I have always opposed all forms of gambling and written time and time again against any expansion of casinos. Greedy provincial governments have encouraged expansion of all forms of gambling because they rake in big bucks. The hypocrites only pay lip service when it comes to providing help for gambling addicts. All they do is throw some crumbs and when they think no one is noticing, they even cut back on that!
For instance, in 2010, the Vancouver Sun in an editorial pointed out: “Last year, the government cut funding for gambling-addiction programs by 34 per cent. That is a wholly inappropriate thing to do, given the government’s significant expansion of both casino and Internet gambling, and given that the government’s own research suggest that 4.6 per cent of gamblers have a problem and 8.7 per cent are at risk.”
This week, Provincial Health Officer Dr. Perry Kendall, while releasing a report that examines legalized gambling in B.C. from a public-health perspective, noted: “Gambling revenues are an INCREASINGLY IMPORTANT REVENUE SOURCE for the government of B.C.” [Capitalization mine.]
He added: “My report examines the inherent challenges that government faces in seeking to raise revenue while not increasing social harms, and makes a number of evidence-based recommendations for government to consider.”
The report states that surveys show that in 2007 approximately 27 per cent of British Columbians were non-gamblers, 60 per cent were non-problem gamblers, and another nine per cent were low-risk gamblers. A total of 4.6 per cent of British Columbians were moderate-risk or problem gamblers, representing approximately 159,000 people.
Between 2002 and 2007, the number of people in B.C. with the most severe form of problem gambling MORE THAN DOUBLED, increasing from approximately 13,000 people to more than 31,000 people.
The report shows that while the prevalence of problem gambling in B.C. is relatively low, it has been INCREASING and NEEDS TO BE ADDRESSED. The report also notes that there has been a substantial increase in the availability of inherently riskier gambling opportunities, such as electronic gaming machines.
Problem gambling has potentially adverse personal, social, and economic implications for families and communities. The report finds that people with LOWER INCOMES spend a HIGHER PROPORTION of household income on gambling. It also shows that people with problem-gambling behaviour have HIGHER RATES of mental-health and substance-use issues.
While the report notes that the provincial government deserves recognition for implementing various problem-gambling prevention and treatment programs, it also recommends INCREASING the percentage of gaming revenue allocated to prevention and treatment, and on research and evaluation.
How many times will these TRUTHS have to be repeated for the greedy, shameless politicians to get the message?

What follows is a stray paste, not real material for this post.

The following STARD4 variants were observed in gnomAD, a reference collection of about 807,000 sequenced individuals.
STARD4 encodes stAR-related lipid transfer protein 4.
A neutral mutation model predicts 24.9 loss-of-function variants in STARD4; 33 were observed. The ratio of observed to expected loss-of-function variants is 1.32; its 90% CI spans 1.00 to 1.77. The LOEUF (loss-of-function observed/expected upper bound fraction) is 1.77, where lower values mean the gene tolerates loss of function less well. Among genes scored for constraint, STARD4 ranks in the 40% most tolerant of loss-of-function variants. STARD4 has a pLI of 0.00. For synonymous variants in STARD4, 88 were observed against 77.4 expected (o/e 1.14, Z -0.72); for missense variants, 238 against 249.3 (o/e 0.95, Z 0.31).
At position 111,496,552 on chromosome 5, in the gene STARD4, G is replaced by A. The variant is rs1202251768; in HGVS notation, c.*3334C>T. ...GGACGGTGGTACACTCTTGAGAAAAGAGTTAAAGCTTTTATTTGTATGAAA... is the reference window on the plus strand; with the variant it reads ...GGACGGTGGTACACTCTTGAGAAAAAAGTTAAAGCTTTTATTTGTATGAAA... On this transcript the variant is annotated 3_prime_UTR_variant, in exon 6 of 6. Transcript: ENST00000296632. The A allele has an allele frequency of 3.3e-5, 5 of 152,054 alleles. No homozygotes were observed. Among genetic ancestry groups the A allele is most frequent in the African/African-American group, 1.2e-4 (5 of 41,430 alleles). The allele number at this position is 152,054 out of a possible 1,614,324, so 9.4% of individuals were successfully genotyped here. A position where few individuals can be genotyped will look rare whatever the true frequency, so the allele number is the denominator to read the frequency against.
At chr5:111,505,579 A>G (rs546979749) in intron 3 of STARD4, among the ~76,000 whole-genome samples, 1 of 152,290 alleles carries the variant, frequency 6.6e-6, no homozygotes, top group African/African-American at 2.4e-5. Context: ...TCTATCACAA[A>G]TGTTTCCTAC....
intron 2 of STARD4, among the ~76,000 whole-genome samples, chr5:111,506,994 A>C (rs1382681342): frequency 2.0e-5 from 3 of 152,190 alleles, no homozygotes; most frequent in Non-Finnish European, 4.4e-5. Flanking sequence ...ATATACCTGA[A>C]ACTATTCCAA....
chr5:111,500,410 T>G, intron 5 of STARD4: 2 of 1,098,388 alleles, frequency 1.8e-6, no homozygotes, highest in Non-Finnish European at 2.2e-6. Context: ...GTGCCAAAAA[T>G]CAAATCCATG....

AS I have written time and time again over the past years, the immoral expansion of gambling – that was started by then-NDP premier Glen Clark in the 1990s and which the Liberals opposed at the time but later embraced with even greater zeal and greed than that of the NDP – is all about MONEY.
The NDP desperately needed the cash to fight their deficit (remember the fudge-it budgets of the 1990s?). The Liberals, always ready to reward their rich pals and rip off the poor, suddenly thought it was a wonderful idea once they came to power, ignoring the criminal and social problems that the casinos continue to cause.
In 2011, during the Vancouver downtown casino controversy, both Kendall and the Vancouver Coastal Health Authority (VCHA) recommended that the City of Vancouver NOT permit the proposed expansion of the casino.
Dr. John Carsley of VCHA said: “I want to mention the importance of DEVASTATING EFFECTS problem gambling does have. We’re talking about severe family disrupture, mental illness, attempted suicide.”
He also noted that it is a risk that is UNEQUITABLY spread through our population, noting, “The POOR, people with ADDICTIONS, people with MENTAL HEALTH issues, the young, first nations, are most at risk.”
Kendall backed those views. He said they reflected the Canadian Public Health Association’s position on gambling. [Capitalizations mine.]
Carsley told reporters that B.C. was spending $1.49 per adult on gambling treatment problems, compared to the national average of more than $3.
Interestingly, Mark Anielski, an adjunct professor of corporate social responsibility at the University of Alberta’s School of Business in Edmonton, pointed out a couple of years ago: “In Alberta, the provincial budget forecast for 2009-10 estimated that more money would come from gambling ($1.5 billion) THAN FROM OIL SANDS ROYALTIES ($1 billion). Of that $1.5 billion, which represents 4.7 per cent of total provincial forecast revenues, roughly 85 per cent will come from VLTs and slot machines.” [Capitalization mine.]
Clearly, it’s all about money – and to hell with the citizens!